It may not be surprising to learn that brain health is intricately linked to the state of the rest of the body. But what are the links, and what role do these connections play in diseases like Alzheimer’s? Sam Sisodia, Ph.D., of the University of Chicago, is examining one of the most important connections: the way in which our gut microbiome influences the brain in Alzheimer’s disease.
The “gut microbiome” refers to the population of microorganisms, mostly bacteria, that lives in every person’s digestive tract. These are natural residents of our bodies, present even at birth. Each person’s microbiome is different, containing more of certain microorganism species and less of others. Sisodia is exploring the makeup of the gut microbiome and its broader impact on our health.
Sisodia is working with mice bred to exhibit the hallmark traits of Alzheimer’s disease: amyloid plaques, tau tangles, brain inflammation and loss of cognitive function. In a previous experiment, Sisodia treated some of these mice with antibiotics. As expected, these treated mice exhibited significant changes in their gut microbiomes. While overall bacteria levels remained the same, these mice had less bacterial diversity—certain species were no longer present, while others were present at elevated levels.
Sisodia was excited to see both fewer and smaller amyloid plaque depositions in the brains of treated mice. These mice showed higher levels of soluble amyloid beta and exhibited a different neuroinflammatory response from that of untreated mice. Inflammation in the brain is an immune response—an attempt by the body to fight an invading pathogen or to respond to other trauma—but it goes awry in Alzheimer’s disease as microglial cells become overactive, causing damage to nerve cells.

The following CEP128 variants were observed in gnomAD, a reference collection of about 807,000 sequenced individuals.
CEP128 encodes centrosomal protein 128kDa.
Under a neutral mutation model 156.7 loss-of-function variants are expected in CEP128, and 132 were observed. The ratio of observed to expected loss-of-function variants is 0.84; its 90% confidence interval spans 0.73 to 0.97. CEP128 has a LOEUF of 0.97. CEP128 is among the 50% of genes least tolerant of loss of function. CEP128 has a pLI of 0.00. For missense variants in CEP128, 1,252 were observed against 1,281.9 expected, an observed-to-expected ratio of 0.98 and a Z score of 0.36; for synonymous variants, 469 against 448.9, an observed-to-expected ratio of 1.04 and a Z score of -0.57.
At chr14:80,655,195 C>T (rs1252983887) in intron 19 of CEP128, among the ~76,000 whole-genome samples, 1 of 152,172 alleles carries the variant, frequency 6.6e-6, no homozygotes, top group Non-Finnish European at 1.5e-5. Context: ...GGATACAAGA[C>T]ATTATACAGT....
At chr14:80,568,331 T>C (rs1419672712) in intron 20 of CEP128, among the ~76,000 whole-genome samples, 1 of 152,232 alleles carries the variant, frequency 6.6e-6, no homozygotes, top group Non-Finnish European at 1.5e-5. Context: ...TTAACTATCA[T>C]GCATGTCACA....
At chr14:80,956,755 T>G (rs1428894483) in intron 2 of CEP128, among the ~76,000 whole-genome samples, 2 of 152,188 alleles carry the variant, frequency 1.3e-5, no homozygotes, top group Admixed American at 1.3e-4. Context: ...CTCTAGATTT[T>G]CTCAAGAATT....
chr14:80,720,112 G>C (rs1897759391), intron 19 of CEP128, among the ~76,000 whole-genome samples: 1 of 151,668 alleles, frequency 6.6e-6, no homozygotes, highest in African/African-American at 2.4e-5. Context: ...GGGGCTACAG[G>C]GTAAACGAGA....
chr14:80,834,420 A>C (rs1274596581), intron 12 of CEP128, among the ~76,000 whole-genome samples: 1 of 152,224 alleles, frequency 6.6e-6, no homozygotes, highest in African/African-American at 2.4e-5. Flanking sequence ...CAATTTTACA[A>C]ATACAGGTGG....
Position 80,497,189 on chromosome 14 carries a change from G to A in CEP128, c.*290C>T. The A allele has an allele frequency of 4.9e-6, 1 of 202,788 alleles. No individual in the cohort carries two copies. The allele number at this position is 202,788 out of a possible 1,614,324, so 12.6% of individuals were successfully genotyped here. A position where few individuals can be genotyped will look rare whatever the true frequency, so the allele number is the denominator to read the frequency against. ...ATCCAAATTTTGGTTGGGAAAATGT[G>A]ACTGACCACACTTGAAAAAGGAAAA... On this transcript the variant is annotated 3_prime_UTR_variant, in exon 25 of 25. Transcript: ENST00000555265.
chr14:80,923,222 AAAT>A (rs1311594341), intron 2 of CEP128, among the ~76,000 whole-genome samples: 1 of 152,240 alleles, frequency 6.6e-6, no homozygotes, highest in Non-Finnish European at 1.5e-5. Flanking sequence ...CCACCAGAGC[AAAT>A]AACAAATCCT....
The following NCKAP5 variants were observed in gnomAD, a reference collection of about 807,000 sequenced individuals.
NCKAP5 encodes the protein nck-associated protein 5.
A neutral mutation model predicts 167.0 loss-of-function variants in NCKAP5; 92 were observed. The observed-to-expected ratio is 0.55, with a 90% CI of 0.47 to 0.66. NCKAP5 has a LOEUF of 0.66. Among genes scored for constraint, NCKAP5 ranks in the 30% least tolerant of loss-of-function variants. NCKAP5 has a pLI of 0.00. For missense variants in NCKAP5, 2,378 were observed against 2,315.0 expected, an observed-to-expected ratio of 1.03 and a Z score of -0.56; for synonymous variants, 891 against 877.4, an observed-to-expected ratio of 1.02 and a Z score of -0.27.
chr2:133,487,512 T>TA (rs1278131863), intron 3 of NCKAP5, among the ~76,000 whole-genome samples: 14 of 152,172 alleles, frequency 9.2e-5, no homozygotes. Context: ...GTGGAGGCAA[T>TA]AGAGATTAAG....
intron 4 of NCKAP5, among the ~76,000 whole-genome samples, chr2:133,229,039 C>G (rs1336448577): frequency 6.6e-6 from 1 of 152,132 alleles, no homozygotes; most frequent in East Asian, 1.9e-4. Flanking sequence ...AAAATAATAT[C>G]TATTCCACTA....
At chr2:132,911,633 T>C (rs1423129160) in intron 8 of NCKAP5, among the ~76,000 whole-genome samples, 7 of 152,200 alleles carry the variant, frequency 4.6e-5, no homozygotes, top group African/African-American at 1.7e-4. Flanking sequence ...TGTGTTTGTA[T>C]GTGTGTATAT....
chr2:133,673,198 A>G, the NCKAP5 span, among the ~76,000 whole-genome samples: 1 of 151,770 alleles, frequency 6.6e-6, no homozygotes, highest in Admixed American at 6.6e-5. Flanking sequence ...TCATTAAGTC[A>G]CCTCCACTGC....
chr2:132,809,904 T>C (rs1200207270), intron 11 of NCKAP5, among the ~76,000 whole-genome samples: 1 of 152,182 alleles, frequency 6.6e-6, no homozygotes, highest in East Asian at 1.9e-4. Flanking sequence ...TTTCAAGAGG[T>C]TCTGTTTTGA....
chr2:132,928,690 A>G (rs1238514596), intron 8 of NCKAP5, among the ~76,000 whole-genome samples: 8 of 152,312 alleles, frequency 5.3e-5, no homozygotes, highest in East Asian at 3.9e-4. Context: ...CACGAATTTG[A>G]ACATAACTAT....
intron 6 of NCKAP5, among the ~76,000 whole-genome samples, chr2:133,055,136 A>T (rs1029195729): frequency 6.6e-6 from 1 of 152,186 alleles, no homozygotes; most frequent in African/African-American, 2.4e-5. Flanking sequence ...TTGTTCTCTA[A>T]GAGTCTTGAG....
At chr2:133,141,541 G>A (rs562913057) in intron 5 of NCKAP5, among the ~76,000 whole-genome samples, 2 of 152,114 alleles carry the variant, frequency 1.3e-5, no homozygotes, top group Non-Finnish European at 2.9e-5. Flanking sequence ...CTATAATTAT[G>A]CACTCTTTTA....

The antibiotic-treated mice showed lower levels of these cells around the remaining plaques. Sisodia suspects that the change in this inflammatory response might be the reason for the differences in Alzheimer’s pathology seen in the antibiotic-treated mice.
With these findings, Sisodia wants to know more. He now is testing the same antibiotics on a different strain of Alzheimer’s mice, making sure the effects he saw were not specific to the original mouse strain tested. He’s also investigating why changes in the gut microbiome might affect immune responses in the brain. “It’s fascinating to learn that what happens in our digestive tract can influence the pathology of Alzheimer’s in our brains, but if this work is going to lead us closer to a cure, we need to understand the mechanisms of action,” Sisodia said.
Sisodia’s work promises to uncover new insights into the causes and risk factors of Alzheimer’s disease, and hopefully identify targets for treatment. However, Sisodia strongly cautions against interpreting his work as a suggestion that antibiotics themselves might be a treatment for Alzheimer’s.
“I am investigating how gut microbial diversity impacts Alzheimer’s pathology, and antibiotics are a way to quickly alter that diversity in the lab—but my work does not support using antibiotics in human patients to address Alzheimer’s,” he said. “We need to learn more about the consequences of altering the gut microbiome, what an optimal microbiome population profile would be and how to achieve it. It’s possible some changes might actually accelerate amyloid deposition in the brain. What’s more, the overuse of antibiotics can have serious negative effects on the health of individuals and our population as a whole.”
Sisodia’s work also is deepening our understanding of one of the most critical components of Alzheimer’s: inflammation. “While plaques and tangles are better known, inflammation is what most directly causes nerve cell death,” he explained. “If we can figure out how to intervene in the processes that are responsible for the inflammation, we may be able to stop the disease from doing real damage to our brains.”
Dr. Sangram Sisodia was awarded a $250,000 grant by Cure Alzheimer’s Fund in 2016 for his project “Mechanisms By Which the Gut Microbiome Influences Amyloid Deposition and Neuroinflammation in Mouse Models of Alzheimer’s Disease.”